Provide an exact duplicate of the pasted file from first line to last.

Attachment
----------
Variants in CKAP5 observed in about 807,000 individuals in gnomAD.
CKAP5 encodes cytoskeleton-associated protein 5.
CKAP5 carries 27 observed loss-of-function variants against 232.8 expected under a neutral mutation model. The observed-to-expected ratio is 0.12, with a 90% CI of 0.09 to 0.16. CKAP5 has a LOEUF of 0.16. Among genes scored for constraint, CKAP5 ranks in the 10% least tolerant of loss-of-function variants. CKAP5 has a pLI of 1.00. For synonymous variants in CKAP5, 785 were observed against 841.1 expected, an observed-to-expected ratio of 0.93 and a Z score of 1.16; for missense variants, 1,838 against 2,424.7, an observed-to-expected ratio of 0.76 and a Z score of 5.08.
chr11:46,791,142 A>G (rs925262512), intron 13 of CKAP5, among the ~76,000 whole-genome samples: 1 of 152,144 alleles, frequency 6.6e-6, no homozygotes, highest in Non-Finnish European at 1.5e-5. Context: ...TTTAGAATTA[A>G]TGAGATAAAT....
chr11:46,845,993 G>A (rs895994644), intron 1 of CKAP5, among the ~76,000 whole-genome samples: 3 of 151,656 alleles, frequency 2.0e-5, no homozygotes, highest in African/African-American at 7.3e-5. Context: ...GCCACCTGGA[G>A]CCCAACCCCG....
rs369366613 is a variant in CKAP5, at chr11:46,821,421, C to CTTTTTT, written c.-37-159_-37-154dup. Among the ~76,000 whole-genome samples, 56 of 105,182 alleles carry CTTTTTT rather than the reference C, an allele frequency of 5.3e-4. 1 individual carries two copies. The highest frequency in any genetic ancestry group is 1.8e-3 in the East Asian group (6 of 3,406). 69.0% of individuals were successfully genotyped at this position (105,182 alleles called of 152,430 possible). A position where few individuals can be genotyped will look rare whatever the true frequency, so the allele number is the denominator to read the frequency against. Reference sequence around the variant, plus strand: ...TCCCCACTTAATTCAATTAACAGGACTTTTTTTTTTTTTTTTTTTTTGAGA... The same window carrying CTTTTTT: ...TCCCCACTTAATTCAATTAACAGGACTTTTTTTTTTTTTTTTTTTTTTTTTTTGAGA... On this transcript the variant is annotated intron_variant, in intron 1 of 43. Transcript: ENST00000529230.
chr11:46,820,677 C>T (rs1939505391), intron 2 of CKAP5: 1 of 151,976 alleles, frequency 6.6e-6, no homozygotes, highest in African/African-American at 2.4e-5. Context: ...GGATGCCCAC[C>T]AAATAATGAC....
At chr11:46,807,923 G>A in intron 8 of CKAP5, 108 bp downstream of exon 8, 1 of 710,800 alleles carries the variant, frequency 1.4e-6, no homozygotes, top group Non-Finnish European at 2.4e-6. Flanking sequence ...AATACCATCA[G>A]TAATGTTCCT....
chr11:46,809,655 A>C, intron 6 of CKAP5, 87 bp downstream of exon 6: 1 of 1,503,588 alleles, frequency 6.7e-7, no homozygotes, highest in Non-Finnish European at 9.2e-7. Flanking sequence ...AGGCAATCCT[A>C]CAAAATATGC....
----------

Variants in CKAP5 observed in about 807,000 individuals in gnomAD.
CKAP5 encodes cytoskeleton-associated protein 5.
CKAP5 carries 27 observed loss-of-function variants against 232.8 expected under a neutral mutation model. The observed-to-expected ratio is 0.12, with a 90% CI of 0.09 to 0.16. CKAP5 has a LOEUF of 0.16. Among genes scored for constraint, CKAP5 ranks in the 10% least tolerant of loss-of-function variants. CKAP5 has a pLI of 1.00. For synonymous variants in CKAP5, 785 were observed against 841.1 expected, an observed-to-expected ratio of 0.93 and a Z score of 1.16; for missense variants, 1,838 against 2,424.7, an observed-to-expected ratio of 0.76 and a Z score of 5.08.
chr11:46,791,142 A>G (rs925262512), intron 13 of CKAP5, among the ~76,000 whole-genome samples: 1 of 152,144 alleles, frequency 6.6e-6, no homozygotes, highest in Non-Finnish European at 1.5e-5. Context: ...TTTAGAATTA[A>G]TGAGATAAAT....
chr11:46,845,993 G>A (rs895994644), intron 1 of CKAP5, among the ~76,000 whole-genome samples: 3 of 151,656 alleles, frequency 2.0e-5, no homozygotes, highest in African/African-American at 7.3e-5. Context: ...GCCACCTGGA[G>A]CCCAACCCCG....
rs369366613 is a variant in CKAP5, at chr11:46,821,421, C to CTTTTTT, written c.-37-159_-37-154dup. Among the ~76,000 whole-genome samples, 56 of 105,182 alleles carry CTTTTTT rather than the reference C, an allele frequency of 5.3e-4. 1 individual carries two copies. The highest frequency in any genetic ancestry group is 1.8e-3 in the East Asian group (6 of 3,406). 69.0% of individuals were successfully genotyped at this position (105,182 alleles called of 152,430 possible). A position where few individuals can be genotyped will look rare whatever the true frequency, so the allele number is the denominator to read the frequency against. Reference sequence around the variant, plus strand: ...TCCCCACTTAATTCAATTAACAGGACTTTTTTTTTTTTTTTTTTTTTGAGA... The same window carrying CTTTTTT: ...TCCCCACTTAATTCAATTAACAGGACTTTTTTTTTTTTTTTTTTTTTTTTTTTGAGA... On this transcript the variant is annotated intron_variant, in intron 1 of 43. Transcript: ENST00000529230.
chr11:46,820,677 C>T (rs1939505391), intron 2 of CKAP5: 1 of 151,976 alleles, frequency 6.6e-6, no homozygotes, highest in African/African-American at 2.4e-5. Context: ...GGATGCCCAC[C>T]AAATAATGAC....
At chr11:46,807,923 G>A in intron 8 of CKAP5, 108 bp downstream of exon 8, 1 of 710,800 alleles carries the variant, frequency 1.4e-6, no homozygotes, top group Non-Finnish European at 2.4e-6. Flanking sequence ...AATACCATCA[G>A]TAATGTTCCT....
chr11:46,809,655 A>C, intron 6 of CKAP5, 87 bp downstream of exon 6: 1 of 1,503,588 alleles, frequency 6.7e-7, no homozygotes, highest in Non-Finnish European at 9.2e-7. Flanking sequence ...AGGCAATCCT[A>C]CAAAATATGC....